The Role of African Union in Promoting Intra-African Cooperation

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The African Union is the apex continental organisation tasked with promoting Pan-Africanism and protecting the interests of its member states. As a pan-African organization in the continent, the African Union is charged with promoting unity and solidarity, coordinating and intensify development, and safeguarding the sovereignty and territorial integrity of member states. The organization also promotes international cooperation between African nations and their international counterparts.

The African Union was birthed in July 2002 in Durban, South Africa, following a decision in September 1999 by its predecessor, the OAU, to create a new continental organisation towards increased cooperation and integration of African states to drive Africa’s growth and economic development. The African Union was established with the core values of “An Integrated, Prosperous, and Peaceful Africa, driven by its citizens and representing a dynamic force in the global arena.”.

To perform the responsibilities of the AU, member states, which make up the Assembly of Heads of States; the AU’s supreme policy and decision-making organ determine the AU’s policies, establish its priorities, adopt its annual programme, and monitor the implementation of its policies and decisions. The Assembly of Heads of States is responsible for electing the Chairperson and Deputy Chairperson of the AU Commission as well as admittance of new members into the assembly and adopting the budget.

The AU is significant to Pan-Africanism as, through the Assembly of Heads of States, it also takes decisions on important matters, amends and interprets the Constitutive Act of the organization which is adhered to by all members, thereby carving out a path for the continent. This path can be economic, security, organizational, or legislative structures that member states are meant to adopt to foster growth and development within the continent.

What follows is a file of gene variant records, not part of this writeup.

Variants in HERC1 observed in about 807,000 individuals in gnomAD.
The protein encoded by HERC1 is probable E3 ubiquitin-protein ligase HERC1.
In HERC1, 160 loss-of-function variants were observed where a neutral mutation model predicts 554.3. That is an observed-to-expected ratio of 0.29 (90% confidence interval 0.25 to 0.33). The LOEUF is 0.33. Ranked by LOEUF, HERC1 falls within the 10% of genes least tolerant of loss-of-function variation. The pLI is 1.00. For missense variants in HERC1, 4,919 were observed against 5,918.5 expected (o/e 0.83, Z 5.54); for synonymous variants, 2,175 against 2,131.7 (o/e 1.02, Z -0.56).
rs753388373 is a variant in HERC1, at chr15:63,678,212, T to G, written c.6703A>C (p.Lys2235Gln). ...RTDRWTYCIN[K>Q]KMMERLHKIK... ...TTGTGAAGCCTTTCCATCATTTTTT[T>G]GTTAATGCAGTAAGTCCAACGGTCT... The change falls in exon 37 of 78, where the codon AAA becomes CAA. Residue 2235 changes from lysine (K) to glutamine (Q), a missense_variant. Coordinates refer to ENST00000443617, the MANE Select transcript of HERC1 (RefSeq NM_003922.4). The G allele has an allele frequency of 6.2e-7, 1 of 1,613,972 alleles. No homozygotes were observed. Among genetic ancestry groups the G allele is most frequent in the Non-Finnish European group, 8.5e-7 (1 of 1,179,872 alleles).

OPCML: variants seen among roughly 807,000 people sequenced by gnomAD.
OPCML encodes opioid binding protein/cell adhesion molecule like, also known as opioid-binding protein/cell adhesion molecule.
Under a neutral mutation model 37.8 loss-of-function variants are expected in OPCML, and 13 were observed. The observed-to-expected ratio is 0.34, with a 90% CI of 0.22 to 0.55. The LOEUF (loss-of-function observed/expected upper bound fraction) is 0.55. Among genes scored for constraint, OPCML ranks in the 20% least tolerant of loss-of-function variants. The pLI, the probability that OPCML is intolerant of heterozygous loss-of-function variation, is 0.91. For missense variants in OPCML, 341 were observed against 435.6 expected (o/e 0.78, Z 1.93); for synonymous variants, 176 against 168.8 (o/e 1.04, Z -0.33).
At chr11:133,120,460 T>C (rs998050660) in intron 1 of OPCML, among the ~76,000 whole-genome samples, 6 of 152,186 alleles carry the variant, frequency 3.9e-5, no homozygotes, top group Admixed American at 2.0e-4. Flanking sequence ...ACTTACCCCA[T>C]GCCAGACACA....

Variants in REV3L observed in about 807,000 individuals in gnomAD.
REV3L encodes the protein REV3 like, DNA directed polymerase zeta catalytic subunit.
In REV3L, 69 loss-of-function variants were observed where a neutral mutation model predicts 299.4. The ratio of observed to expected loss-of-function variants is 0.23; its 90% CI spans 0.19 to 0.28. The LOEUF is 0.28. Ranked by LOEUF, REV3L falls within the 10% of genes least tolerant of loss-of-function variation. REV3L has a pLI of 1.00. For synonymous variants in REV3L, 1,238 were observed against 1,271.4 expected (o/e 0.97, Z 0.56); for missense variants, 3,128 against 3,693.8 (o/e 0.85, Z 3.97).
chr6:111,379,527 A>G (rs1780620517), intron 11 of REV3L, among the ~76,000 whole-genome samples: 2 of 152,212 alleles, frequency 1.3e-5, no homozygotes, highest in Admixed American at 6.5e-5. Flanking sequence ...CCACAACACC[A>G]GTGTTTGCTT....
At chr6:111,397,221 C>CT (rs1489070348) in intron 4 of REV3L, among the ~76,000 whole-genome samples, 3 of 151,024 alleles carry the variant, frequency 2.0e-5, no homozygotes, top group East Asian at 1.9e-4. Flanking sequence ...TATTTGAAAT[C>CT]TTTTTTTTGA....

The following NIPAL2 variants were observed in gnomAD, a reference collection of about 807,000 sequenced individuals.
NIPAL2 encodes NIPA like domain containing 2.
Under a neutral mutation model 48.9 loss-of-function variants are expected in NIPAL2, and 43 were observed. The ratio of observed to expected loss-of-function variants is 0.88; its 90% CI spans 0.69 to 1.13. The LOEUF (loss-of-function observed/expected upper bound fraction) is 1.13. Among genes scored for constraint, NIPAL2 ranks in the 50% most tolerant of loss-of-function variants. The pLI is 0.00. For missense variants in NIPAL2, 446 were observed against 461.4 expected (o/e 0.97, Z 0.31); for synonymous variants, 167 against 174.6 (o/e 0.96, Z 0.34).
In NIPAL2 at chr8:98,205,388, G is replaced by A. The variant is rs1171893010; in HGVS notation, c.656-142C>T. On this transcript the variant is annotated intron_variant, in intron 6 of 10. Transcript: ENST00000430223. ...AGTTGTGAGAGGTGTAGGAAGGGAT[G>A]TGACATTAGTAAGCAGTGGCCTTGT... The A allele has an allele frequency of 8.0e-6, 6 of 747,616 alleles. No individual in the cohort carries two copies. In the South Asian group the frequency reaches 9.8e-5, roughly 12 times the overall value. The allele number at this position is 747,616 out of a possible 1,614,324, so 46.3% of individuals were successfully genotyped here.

The AU has several other organs that enable it to implement its functions; the executive council or the Executive Council of Ministers of the Union; is responsible for foreign trade, energy, industry, and mineral resources; food, agricultural, and animal resources, livestock production forestry; water resources and irrigation; environmental protection, humanitarian action and disaster response and relief; transport and communications, the Permanent Representatives Committee (PRC), Specialised Technical Committees (STCs), the Peace and Security Council and The African Union Commission. This AU structure promotes participation of African citizens and civil society through the Pan-African Parliament and the Economic, Social & Cultural Council (ECOSOCC).

Through these arms and institutions associated with the AU, the organization is equipped to proffer security and economic initiatives across the continent. Initiatives like the African Continental Free Trade Area (AfCFTA) are one of the many initiatives explored by the AU to bring about commerce on a continental level. The AfCFTA connects 1.3 billion people across 55 countries with a combined gross domestic product (GDP) valued at US$3.4 trillion and a potential to lift 30 million people out of extreme poverty. The agreement is aimed at reducing trade tariffs among member countries to facilitate trade and services, as well as regulatory measures and standards among member states.

As much as the AU is meant to protect the sovereignty of African States, there have been unconstitutional changes of government in recent years which have brought up a lot of questions about the effectiveness of the African Union. Some observers have also argued that there is a level of disconnect between the AU and its member states civil society stakeholders because of a lack of engagement from the Union. The Union has also bemoaned inadequate funding from member states to meet up to its functions.

The African Union has been influential in the continent in more than one way; from its response to the COVID-19 outbreak to the establishment of organisations and unions that have been influential in addressing issues like; education, hunger, climate change, technology development, and security in the continent. But for the AU to meet its full potential, it is imperative that every member state is cooperative and has faith in the Pan-African dream.


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